4.7 miles | Moderate
A walk along the South Devon Railway Sea Wall, with great views over Dawlish and a stroll through Teignmouth’s Eastcliff Park, a designated Area of Great Landscape Value. Older children will love the walk along the sea wall, as well as the spectacular rock formations and the legends attached to them. Look out for migrant birds at the mouth of the Teign in spring and autumn.

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Shaldon
3.2 miles | Easy
A walk from Teignmouth Station along a traditional promenade before crossing the River Teign by ferry. Visit the Smuggler’s Tunnel before wandering around the picture perfect riverside village of Shaldon. Apart from a brief walk up Ness Drive this walk keeps to flat pavements and paths. Check the ferry is operating before starting off on this walk.

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Labrador Bay
5.4 miles | Challenging
A walk along the South Devon Railway Sea Wall, Britain’s most photographed stretch of railway line, with great views over Dawlish and a stroll through Teignmouth’s Eastcliff Park, a designated Area of Great Landscape Value. Older children will love the walk along the sea wall, beside the railway, and the trip through the tunnel, as well as the spectacular rock formations and the legends attached to them.

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Walks from Torquay station:


Cockington
3.9 miles | Moderate
Take in this historic, picturesque village, passing through green fields and wooded combes with a beautiful view from the outer reaches of the Cockington Estate down across this hidden valley, is now a Country Park. Back in Cockington take a horse and carriage ride to the South West Coast Path in Livermead followed by a brief walk back to Torquay Station.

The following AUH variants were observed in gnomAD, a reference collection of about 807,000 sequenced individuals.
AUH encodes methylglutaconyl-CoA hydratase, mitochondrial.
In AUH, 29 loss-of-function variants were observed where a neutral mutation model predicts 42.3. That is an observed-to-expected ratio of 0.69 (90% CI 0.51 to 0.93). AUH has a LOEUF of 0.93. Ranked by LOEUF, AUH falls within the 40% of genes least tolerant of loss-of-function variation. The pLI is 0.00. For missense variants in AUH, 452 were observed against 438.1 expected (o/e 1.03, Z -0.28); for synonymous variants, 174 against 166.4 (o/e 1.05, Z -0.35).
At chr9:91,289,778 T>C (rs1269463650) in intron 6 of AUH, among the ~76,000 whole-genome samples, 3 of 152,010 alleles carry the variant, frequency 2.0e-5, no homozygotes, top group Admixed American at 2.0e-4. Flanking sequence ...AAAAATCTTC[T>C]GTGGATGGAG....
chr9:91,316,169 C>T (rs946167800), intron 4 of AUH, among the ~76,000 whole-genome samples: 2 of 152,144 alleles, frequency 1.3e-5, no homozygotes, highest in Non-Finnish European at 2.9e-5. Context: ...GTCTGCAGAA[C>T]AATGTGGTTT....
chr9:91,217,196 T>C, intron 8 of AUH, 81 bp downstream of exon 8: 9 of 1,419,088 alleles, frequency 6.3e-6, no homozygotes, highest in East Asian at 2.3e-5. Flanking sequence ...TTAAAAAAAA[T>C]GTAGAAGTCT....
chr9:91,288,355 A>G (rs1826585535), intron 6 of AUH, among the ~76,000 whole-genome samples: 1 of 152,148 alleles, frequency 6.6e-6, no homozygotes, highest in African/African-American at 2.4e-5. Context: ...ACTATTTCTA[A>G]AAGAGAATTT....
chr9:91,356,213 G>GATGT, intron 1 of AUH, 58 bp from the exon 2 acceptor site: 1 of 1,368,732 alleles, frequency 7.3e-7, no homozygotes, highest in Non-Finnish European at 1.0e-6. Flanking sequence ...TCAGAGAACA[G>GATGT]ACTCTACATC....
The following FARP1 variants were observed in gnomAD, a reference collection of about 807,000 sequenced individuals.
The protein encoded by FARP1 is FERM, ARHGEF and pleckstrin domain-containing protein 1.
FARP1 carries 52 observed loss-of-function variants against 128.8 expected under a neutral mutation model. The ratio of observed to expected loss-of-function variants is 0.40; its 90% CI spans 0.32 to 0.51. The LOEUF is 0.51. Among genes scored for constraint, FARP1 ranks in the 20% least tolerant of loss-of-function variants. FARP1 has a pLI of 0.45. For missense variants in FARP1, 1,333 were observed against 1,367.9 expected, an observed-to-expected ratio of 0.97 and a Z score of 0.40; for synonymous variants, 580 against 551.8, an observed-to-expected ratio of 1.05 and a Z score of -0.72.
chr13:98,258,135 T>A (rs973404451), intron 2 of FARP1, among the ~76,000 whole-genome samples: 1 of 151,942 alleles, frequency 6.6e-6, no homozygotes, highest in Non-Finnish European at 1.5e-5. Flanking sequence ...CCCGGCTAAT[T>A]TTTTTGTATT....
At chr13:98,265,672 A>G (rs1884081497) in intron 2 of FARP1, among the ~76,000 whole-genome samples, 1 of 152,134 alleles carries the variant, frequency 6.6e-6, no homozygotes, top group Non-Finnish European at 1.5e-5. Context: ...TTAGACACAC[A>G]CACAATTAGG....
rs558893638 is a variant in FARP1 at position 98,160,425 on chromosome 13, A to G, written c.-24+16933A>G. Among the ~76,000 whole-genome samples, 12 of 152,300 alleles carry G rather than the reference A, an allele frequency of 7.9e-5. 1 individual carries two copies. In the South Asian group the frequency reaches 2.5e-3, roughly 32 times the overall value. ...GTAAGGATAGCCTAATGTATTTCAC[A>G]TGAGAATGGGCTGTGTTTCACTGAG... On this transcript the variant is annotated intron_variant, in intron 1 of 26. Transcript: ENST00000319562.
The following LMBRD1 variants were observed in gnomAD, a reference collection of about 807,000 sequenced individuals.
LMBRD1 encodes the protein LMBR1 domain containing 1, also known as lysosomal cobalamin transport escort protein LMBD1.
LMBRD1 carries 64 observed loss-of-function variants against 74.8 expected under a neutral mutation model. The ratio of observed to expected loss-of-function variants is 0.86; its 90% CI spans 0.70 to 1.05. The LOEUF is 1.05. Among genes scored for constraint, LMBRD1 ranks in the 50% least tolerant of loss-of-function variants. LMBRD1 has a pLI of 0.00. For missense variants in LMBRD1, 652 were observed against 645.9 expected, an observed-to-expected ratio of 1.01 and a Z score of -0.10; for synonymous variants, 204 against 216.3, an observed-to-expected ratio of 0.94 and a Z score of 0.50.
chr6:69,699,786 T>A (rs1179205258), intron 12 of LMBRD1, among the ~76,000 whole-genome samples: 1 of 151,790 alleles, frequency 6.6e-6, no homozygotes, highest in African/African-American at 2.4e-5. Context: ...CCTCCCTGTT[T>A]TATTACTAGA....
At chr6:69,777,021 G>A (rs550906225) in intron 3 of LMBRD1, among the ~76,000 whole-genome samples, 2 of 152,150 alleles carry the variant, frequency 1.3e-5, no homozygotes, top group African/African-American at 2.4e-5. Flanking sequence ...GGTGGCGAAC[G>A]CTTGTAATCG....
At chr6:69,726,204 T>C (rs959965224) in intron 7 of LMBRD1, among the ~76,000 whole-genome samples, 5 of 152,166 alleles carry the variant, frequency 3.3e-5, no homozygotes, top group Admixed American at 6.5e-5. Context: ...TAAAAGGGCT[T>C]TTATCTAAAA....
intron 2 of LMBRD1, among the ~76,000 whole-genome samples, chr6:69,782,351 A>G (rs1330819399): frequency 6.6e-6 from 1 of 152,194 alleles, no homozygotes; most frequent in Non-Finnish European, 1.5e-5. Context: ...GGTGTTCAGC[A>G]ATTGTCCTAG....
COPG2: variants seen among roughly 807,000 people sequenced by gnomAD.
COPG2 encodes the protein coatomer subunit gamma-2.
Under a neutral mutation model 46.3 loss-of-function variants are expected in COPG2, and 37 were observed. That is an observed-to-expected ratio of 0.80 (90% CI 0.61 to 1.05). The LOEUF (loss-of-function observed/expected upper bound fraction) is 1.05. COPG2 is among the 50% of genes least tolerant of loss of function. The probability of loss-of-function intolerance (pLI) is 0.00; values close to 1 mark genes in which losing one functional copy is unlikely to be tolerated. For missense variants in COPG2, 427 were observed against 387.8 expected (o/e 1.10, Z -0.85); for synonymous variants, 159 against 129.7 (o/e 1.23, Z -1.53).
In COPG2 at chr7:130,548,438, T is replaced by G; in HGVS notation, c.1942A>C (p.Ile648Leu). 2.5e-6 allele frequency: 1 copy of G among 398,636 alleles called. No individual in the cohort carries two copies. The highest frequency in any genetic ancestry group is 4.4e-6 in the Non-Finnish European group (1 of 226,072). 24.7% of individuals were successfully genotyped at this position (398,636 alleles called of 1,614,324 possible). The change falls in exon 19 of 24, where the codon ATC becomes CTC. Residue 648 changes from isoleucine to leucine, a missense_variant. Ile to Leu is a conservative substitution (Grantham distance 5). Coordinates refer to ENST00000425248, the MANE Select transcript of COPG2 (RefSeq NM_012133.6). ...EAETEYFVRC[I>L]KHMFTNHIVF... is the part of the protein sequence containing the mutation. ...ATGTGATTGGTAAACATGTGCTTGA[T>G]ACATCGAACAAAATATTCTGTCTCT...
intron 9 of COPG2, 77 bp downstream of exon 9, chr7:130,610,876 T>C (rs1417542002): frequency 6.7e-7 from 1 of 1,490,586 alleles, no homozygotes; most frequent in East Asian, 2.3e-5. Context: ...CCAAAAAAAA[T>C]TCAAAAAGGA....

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Agatha Christie Mile
3.4 miles | Easy
Immerse yourself in the world of the best-selling author, Agatha Christie. Starting at Torquay Railway Station, travel along Torquay’s seafront passing some of the places associated with her life and works. Each location is marked with a unique plaque.

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Hidden Torquay
5.5 miles | Moderate
The South West Coast Path offers superb walks where it passes through some of Devon’s seaside towns. This is an excellent example. This urban Coast Path walk winds its way eastward through a quiet surprisingly rural area before returning to the station via the harbour , where there are splendid views over the bay.

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Walks from Paignton station:


Harbour & Roundham Head
2.7 miles | Moderate
This very accessible walk around the centre-piece of the bay provides the walker with the colourful and varied activity of Paignton’s picturesque harbour and a headland walk. Visit the pier, enjoy the promenade, walk through the public gardens built by Welsh miners.

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Brixham
5.4 miles | Challenging
An exploration of a living, but tranquil area of countryside and coastline that divides the residential outskirts of Paignton and Brixham. Follow the South West Coast Path from Paignton’s hidden harbour, through the park built by miners, past the setting of one of Agatha Christie’s most famous books to the active fishing port of Brixham, once Torbay’s largest town. Return to Paignton by bus.

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Paignton Town Geology Trail
2 miles | Easy
A stroll through Old Paignton, looking at the rocks used in its buildings and then those on the seafront. Geological features include Permian sandstones and breccias, and Devonian limestone blocks containing fossils, as well as observing the two rocks in the walls of the ancient Bishop’s Palace and the mediaeval link.